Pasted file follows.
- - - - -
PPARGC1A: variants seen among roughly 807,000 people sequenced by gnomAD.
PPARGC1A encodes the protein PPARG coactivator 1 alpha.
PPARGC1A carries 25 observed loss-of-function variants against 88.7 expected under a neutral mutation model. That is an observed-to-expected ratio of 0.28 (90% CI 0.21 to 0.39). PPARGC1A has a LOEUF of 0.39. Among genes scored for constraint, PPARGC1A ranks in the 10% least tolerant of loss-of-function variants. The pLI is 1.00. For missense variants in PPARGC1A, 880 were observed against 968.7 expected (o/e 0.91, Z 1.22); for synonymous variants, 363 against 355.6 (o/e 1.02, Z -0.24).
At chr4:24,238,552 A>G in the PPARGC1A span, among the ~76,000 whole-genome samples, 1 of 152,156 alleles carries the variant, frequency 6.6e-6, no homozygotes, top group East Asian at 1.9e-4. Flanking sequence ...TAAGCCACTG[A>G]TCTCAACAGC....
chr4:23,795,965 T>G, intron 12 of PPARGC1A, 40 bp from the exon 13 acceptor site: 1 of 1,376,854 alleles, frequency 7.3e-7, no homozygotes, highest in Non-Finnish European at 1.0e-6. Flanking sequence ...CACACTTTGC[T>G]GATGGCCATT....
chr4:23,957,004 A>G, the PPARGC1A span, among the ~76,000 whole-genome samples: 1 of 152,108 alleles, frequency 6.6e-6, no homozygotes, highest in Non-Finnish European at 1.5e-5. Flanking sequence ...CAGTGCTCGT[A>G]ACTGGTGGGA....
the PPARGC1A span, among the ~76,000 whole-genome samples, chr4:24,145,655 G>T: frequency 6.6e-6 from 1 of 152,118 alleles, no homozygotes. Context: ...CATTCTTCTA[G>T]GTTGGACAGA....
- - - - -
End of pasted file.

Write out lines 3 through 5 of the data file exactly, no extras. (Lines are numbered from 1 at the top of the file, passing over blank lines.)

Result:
PPARGC1A carries 25 observed loss-of-function variants against 88.7 expected under a neutral mutation model. That is an observed-to-expected ratio of 0.28 (90% CI 0.21 to 0.39). PPARGC1A has a LOEUF of 0.39. Among genes scored for constraint, PPARGC1A ranks in the 10% least tolerant of loss-of-function variants. The pLI is 1.00. For missense variants in PPARGC1A, 880 were observed against 968.7 expected (o/e 0.91, Z 1.22); for synonymous variants, 363 against 355.6 (o/e 1.02, Z -0.24).
At chr4:24,238,552 A>G in the PPARGC1A span, among the ~76,000 whole-genome samples, 1 of 152,156 alleles carries the variant, frequency 6.6e-6, no homozygotes, top group East Asian at 1.9e-4. Flanking sequence ...TAAGCCACTG[A>G]TCTCAACAGC....
chr4:23,795,965 T>G, intron 12 of PPARGC1A, 40 bp from the exon 13 acceptor site: 1 of 1,376,854 alleles, frequency 7.3e-7, no homozygotes, highest in Non-Finnish European at 1.0e-6. Flanking sequence ...CACACTTTGC[T>G]GATGGCCATT....